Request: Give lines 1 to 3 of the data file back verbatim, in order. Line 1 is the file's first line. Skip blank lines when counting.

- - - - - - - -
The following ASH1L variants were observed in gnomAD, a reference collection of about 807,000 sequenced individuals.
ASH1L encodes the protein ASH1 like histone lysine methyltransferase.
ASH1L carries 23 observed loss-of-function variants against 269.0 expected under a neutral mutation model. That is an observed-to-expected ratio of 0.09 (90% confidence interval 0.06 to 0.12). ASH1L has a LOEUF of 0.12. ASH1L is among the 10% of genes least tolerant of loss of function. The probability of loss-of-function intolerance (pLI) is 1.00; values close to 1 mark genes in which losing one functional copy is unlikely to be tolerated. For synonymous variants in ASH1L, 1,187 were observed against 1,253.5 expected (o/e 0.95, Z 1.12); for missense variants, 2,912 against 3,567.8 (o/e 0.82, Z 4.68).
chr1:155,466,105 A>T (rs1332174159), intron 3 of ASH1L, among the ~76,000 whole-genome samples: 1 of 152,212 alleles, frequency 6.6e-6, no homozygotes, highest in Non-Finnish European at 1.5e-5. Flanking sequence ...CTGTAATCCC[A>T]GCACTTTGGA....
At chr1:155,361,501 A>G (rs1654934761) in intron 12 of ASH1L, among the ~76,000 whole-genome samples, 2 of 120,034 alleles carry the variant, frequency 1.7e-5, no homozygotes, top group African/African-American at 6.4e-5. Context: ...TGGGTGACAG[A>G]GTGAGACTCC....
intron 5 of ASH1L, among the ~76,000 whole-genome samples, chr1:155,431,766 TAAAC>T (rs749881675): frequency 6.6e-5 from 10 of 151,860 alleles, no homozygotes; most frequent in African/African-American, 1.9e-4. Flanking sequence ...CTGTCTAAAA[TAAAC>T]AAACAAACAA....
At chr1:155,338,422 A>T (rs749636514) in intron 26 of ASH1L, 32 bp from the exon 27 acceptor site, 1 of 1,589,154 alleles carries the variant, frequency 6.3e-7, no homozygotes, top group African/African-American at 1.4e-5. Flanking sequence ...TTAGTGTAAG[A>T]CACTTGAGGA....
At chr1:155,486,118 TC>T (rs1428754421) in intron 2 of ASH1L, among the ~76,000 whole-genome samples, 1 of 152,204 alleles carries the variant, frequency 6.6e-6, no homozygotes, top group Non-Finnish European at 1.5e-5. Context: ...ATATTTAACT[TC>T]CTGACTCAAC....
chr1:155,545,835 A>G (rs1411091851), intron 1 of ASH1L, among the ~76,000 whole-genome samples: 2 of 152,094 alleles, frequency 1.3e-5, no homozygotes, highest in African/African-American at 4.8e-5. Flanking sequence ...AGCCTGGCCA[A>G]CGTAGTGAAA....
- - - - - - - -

The following ASH1L variants were observed in gnomAD, a reference collection of about 807,000 sequenced individuals.
ASH1L encodes the protein ASH1 like histone lysine methyltransferase.
ASH1L carries 23 observed loss-of-function variants against 269.0 expected under a neutral mutation model. That is an observed-to-expected ratio of 0.09 (90% confidence interval 0.06 to 0.12). ASH1L has a LOEUF of 0.12. ASH1L is among the 10% of genes least tolerant of loss of function. The probability of loss-of-function intolerance (pLI) is 1.00; values close to 1 mark genes in which losing one functional copy is unlikely to be tolerated. For synonymous variants in ASH1L, 1,187 were observed against 1,253.5 expected (o/e 0.95, Z 1.12); for missense variants, 2,912 against 3,567.8 (o/e 0.82, Z 4.68).